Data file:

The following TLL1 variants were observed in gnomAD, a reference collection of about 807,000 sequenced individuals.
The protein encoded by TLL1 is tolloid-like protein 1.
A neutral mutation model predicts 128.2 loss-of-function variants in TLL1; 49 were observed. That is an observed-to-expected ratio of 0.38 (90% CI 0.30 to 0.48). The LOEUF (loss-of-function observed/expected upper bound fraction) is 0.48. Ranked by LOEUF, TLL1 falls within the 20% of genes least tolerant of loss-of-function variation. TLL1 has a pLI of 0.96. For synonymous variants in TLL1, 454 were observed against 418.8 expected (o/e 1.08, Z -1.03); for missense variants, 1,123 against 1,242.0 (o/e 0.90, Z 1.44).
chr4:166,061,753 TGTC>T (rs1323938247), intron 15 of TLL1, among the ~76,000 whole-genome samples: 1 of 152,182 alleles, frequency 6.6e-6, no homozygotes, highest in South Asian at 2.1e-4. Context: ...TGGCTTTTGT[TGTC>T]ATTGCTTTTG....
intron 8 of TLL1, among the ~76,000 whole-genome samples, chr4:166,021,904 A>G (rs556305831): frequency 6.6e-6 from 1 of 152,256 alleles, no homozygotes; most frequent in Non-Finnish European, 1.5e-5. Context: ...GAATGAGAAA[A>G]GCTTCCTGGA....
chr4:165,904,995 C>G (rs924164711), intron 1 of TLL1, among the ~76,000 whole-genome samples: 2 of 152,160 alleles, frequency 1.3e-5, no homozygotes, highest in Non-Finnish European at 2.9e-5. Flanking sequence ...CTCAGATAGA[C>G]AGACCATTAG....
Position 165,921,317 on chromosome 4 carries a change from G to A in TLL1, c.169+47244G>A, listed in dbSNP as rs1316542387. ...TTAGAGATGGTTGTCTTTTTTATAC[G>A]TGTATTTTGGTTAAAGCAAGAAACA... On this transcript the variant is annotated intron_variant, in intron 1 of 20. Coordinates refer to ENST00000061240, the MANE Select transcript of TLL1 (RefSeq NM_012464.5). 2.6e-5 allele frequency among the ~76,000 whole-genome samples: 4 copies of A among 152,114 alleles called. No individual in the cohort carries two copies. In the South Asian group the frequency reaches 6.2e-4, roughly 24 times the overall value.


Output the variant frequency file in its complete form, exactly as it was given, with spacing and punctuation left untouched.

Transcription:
The following TLL1 variants were observed in gnomAD, a reference collection of about 807,000 sequenced individuals.
The protein encoded by TLL1 is tolloid-like protein 1.
A neutral mutation model predicts 128.2 loss-of-function variants in TLL1; 49 were observed. That is an observed-to-expected ratio of 0.38 (90% CI 0.30 to 0.48). The LOEUF (loss-of-function observed/expected upper bound fraction) is 0.48. Ranked by LOEUF, TLL1 falls within the 20% of genes least tolerant of loss-of-function variation. TLL1 has a pLI of 0.96. For synonymous variants in TLL1, 454 were observed against 418.8 expected (o/e 1.08, Z -1.03); for missense variants, 1,123 against 1,242.0 (o/e 0.90, Z 1.44).
chr4:166,061,753 TGTC>T (rs1323938247), intron 15 of TLL1, among the ~76,000 whole-genome samples: 1 of 152,182 alleles, frequency 6.6e-6, no homozygotes, highest in South Asian at 2.1e-4. Context: ...TGGCTTTTGT[TGTC>T]ATTGCTTTTG....
intron 8 of TLL1, among the ~76,000 whole-genome samples, chr4:166,021,904 A>G (rs556305831): frequency 6.6e-6 from 1 of 152,256 alleles, no homozygotes; most frequent in Non-Finnish European, 1.5e-5. Context: ...GAATGAGAAA[A>G]GCTTCCTGGA....
chr4:165,904,995 C>G (rs924164711), intron 1 of TLL1, among the ~76,000 whole-genome samples: 2 of 152,160 alleles, frequency 1.3e-5, no homozygotes, highest in Non-Finnish European at 2.9e-5. Flanking sequence ...CTCAGATAGA[C>G]AGACCATTAG....
Position 165,921,317 on chromosome 4 carries a change from G to A in TLL1, c.169+47244G>A, listed in dbSNP as rs1316542387. ...TTAGAGATGGTTGTCTTTTTTATAC[G>A]TGTATTTTGGTTAAAGCAAGAAACA... On this transcript the variant is annotated intron_variant, in intron 1 of 20. Coordinates refer to ENST00000061240, the MANE Select transcript of TLL1 (RefSeq NM_012464.5). 2.6e-5 allele frequency among the ~76,000 whole-genome samples: 4 copies of A among 152,114 alleles called. No individual in the cohort carries two copies. In the South Asian group the frequency reaches 6.2e-4, roughly 24 times the overall value.